Beds, Herts & Bucks

'House in barn' must be demolished, inspector rules

Mr and Mrs Beesley's barn
Image caption Alan and Sarah Beesley have been ordered to pull down the barn

A couple who built a £500,000 house disguised as a barn on green belt land have been ordered to pull it down.

Alan and Sarah Beesley won permission to build a hay barn at Northaw, near Potters Bar in Hertfordshire, but fitted it out as a home and moved in.

Four years later they applied for permission to use the building as a home but this was denied, sparking a long-running legal battle.

Now the Planning Inspectorate has ruled the barn should be demolished.

Mr Beasley said his family moved out of the house and started to "strip it down" last summer.

"It is one of those things," he said. "Life is too short to be bitter, you just have to move on."

'Dishonest' conduct

The decision follows a long-running legal battle with Welwyn Hatfield Council.

Image caption The Beesleys applied for permission to use the barn as a home, four years after moving in

In 2010, the Court of Appeal ruled Mr and Mrs Beesley could continue living in the house.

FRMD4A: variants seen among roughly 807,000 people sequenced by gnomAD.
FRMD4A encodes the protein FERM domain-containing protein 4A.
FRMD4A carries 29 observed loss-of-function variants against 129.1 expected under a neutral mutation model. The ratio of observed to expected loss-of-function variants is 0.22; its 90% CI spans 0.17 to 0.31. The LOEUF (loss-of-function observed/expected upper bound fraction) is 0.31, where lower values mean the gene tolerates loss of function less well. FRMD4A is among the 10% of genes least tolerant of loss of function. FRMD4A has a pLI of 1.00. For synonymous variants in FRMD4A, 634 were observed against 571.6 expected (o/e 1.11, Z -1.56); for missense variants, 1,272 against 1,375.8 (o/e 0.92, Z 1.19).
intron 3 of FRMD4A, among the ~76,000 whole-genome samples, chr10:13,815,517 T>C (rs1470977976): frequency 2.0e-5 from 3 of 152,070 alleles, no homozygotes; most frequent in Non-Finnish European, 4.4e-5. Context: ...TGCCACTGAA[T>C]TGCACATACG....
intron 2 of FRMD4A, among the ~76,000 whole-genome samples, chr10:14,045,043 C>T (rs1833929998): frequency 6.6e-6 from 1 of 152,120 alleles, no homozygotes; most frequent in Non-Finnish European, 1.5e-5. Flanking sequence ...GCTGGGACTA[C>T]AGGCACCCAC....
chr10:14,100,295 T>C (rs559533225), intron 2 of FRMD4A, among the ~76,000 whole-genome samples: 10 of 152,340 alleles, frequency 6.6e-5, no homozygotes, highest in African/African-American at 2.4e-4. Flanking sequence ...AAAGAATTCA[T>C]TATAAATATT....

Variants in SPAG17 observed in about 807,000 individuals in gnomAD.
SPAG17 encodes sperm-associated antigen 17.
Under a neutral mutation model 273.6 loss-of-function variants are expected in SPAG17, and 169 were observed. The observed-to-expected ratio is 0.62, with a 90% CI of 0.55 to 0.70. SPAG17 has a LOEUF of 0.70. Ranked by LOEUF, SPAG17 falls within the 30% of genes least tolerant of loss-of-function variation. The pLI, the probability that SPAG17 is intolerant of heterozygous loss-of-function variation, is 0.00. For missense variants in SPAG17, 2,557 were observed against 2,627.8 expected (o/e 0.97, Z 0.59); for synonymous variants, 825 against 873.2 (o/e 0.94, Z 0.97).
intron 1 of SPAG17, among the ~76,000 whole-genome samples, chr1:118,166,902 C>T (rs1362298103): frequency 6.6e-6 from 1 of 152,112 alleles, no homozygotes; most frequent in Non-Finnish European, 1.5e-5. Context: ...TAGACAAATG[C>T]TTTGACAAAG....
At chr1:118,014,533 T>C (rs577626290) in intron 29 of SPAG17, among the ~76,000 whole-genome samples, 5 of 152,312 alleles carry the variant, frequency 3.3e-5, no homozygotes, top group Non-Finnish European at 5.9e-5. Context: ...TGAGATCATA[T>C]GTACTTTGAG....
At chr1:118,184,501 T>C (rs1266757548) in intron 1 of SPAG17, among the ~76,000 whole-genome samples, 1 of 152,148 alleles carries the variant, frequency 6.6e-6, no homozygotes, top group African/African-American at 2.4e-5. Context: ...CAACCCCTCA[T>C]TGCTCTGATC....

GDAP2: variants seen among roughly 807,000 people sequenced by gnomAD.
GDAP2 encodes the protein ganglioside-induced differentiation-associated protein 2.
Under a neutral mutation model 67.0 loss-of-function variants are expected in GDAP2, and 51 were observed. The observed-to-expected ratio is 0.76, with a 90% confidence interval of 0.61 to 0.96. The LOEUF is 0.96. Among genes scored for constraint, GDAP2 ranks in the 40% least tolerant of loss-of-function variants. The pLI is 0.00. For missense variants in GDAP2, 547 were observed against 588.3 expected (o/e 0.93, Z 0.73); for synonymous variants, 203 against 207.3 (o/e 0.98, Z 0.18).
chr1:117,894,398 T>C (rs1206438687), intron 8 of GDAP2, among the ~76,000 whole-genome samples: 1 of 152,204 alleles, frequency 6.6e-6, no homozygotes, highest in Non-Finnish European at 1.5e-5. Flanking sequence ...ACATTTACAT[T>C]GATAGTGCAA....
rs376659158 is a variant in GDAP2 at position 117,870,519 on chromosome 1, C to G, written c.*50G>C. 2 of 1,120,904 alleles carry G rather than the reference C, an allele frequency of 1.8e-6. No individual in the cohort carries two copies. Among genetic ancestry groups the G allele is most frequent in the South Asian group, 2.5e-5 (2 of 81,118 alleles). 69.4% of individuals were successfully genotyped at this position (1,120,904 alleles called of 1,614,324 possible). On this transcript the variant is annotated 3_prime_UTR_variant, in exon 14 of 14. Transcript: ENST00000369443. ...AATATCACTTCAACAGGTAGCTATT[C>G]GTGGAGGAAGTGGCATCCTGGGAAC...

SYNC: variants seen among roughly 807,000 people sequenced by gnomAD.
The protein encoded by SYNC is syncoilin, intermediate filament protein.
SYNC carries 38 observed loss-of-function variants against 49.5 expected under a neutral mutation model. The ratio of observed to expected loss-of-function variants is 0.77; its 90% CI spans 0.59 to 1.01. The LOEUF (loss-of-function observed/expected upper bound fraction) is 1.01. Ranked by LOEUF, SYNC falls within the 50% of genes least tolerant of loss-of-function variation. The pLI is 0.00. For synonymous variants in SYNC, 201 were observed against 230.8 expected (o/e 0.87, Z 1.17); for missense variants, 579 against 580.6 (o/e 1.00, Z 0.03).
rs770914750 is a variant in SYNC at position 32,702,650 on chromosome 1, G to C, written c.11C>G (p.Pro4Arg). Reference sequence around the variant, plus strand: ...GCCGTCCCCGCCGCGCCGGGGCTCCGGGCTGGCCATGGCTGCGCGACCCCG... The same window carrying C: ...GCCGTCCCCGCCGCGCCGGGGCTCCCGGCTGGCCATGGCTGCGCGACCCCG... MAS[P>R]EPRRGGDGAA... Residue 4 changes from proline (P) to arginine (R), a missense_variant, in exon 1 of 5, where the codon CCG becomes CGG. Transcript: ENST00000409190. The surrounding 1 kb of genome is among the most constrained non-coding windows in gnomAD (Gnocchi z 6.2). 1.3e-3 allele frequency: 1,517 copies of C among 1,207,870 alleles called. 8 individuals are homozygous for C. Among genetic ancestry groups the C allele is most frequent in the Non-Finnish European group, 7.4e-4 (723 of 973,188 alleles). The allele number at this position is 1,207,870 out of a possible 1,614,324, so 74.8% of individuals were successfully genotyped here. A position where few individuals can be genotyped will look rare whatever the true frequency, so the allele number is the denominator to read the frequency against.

But the following year the Supreme Court overturned that judgement, criticising Mr Beesley's "dishonest" conduct.

Welwyn Hatfield Council subsequently issued three enforcement notices, which Mr Beesley appealed against.

Mr Beesley bought 22 acres (9ha) of open green belt land at Northaw in 1999, and was later granted planning permission for a hay barn.

In 2002 the barn was built, but was fitted out as a luxury house complete with three bedrooms, bathrooms. study, living room, garage and gym.

The couple and their family moved there in August 2002 and in August 2006 applied for permission to use the building as a house.

The council refused, sparking a dispute which went to the Supreme Court in 2011 when seven judges ruled the family had to leave the house.

The council subsequently issued three enforcement notices, which Mr Beesley appealed against.

But planning inspector Diane Lewis found in the council's favour, ordering that the barn and the accommodation inside be demolished and the area landscaped.

A spokesman for Welwyn Hatfield Council said: "The council welcomes the appeal decision on the 'house in a barn'.

"We feel the decision is the right one, confirming the council's commitment to the enforcement of breaches of planning control."

The barn has to be demolished by 27 November, the council said.

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